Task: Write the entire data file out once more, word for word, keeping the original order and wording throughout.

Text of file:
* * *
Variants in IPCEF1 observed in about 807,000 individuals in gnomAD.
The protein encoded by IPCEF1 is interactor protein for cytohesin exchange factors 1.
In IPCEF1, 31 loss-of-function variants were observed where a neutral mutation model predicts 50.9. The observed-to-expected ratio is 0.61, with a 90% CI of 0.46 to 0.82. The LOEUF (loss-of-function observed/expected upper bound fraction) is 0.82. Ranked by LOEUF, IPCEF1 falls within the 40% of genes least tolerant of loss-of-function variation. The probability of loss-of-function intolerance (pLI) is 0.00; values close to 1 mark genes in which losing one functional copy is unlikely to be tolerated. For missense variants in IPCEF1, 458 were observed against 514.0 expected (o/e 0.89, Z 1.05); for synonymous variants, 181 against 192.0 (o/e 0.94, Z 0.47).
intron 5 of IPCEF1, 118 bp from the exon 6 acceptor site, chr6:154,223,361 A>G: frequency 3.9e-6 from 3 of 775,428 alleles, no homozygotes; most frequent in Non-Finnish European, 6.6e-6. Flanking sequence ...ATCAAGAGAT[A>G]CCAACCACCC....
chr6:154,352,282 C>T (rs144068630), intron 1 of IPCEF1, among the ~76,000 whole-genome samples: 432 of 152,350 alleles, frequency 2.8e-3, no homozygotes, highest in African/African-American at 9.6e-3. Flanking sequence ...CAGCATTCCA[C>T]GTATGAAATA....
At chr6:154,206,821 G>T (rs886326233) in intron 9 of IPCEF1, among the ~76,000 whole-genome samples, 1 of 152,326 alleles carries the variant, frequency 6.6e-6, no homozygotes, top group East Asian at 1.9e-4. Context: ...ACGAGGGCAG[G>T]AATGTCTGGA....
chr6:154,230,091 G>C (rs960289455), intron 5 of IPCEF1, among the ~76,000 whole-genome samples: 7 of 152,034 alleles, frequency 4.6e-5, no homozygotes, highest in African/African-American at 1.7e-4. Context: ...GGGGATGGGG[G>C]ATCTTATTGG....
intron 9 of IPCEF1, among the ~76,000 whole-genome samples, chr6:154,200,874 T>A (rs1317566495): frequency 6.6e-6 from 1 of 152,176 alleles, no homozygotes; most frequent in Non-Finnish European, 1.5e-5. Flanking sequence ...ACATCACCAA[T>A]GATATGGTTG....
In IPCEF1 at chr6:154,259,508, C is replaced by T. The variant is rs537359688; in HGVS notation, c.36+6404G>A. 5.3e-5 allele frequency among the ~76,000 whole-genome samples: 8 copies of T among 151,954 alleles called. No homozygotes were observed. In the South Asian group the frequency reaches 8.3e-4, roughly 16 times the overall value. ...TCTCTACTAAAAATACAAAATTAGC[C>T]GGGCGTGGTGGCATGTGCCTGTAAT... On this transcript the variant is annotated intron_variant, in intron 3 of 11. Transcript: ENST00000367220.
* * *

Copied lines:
Variants in IPCEF1 observed in about 807,000 individuals in gnomAD.
The protein encoded by IPCEF1 is interactor protein for cytohesin exchange factors 1.
In IPCEF1, 31 loss-of-function variants were observed where a neutral mutation model predicts 50.9. The observed-to-expected ratio is 0.61, with a 90% CI of 0.46 to 0.82. The LOEUF (loss-of-function observed/expected upper bound fraction) is 0.82. Ranked by LOEUF, IPCEF1 falls within the 40% of genes least tolerant of loss-of-function variation. The probability of loss-of-function intolerance (pLI) is 0.00; values close to 1 mark genes in which losing one functional copy is unlikely to be tolerated. For missense variants in IPCEF1, 458 were observed against 514.0 expected (o/e 0.89, Z 1.05); for synonymous variants, 181 against 192.0 (o/e 0.94, Z 0.47).
intron 5 of IPCEF1, 118 bp from the exon 6 acceptor site, chr6:154,223,361 A>G: frequency 3.9e-6 from 3 of 775,428 alleles, no homozygotes; most frequent in Non-Finnish European, 6.6e-6. Flanking sequence ...ATCAAGAGAT[A>G]CCAACCACCC....
chr6:154,352,282 C>T (rs144068630), intron 1 of IPCEF1, among the ~76,000 whole-genome samples: 432 of 152,350 alleles, frequency 2.8e-3, no homozygotes, highest in African/African-American at 9.6e-3. Flanking sequence ...CAGCATTCCA[C>T]GTATGAAATA....
At chr6:154,206,821 G>T (rs886326233) in intron 9 of IPCEF1, among the ~76,000 whole-genome samples, 1 of 152,326 alleles carries the variant, frequency 6.6e-6, no homozygotes, top group East Asian at 1.9e-4. Context: ...ACGAGGGCAG[G>T]AATGTCTGGA....
chr6:154,230,091 G>C (rs960289455), intron 5 of IPCEF1, among the ~76,000 whole-genome samples: 7 of 152,034 alleles, frequency 4.6e-5, no homozygotes, highest in African/African-American at 1.7e-4. Context: ...GGGGATGGGG[G>C]ATCTTATTGG....
intron 9 of IPCEF1, among the ~76,000 whole-genome samples, chr6:154,200,874 T>A (rs1317566495): frequency 6.6e-6 from 1 of 152,176 alleles, no homozygotes; most frequent in Non-Finnish European, 1.5e-5. Flanking sequence ...ACATCACCAA[T>A]GATATGGTTG....
In IPCEF1 at chr6:154,259,508, C is replaced by T. The variant is rs537359688; in HGVS notation, c.36+6404G>A. 5.3e-5 allele frequency among the ~76,000 whole-genome samples: 8 copies of T among 151,954 alleles called. No homozygotes were observed. In the South Asian group the frequency reaches 8.3e-4, roughly 16 times the overall value. ...TCTCTACTAAAAATACAAAATTAGC[C>T]GGGCGTGGTGGCATGTGCCTGTAAT... On this transcript the variant is annotated intron_variant, in intron 3 of 11. Transcript: ENST00000367220.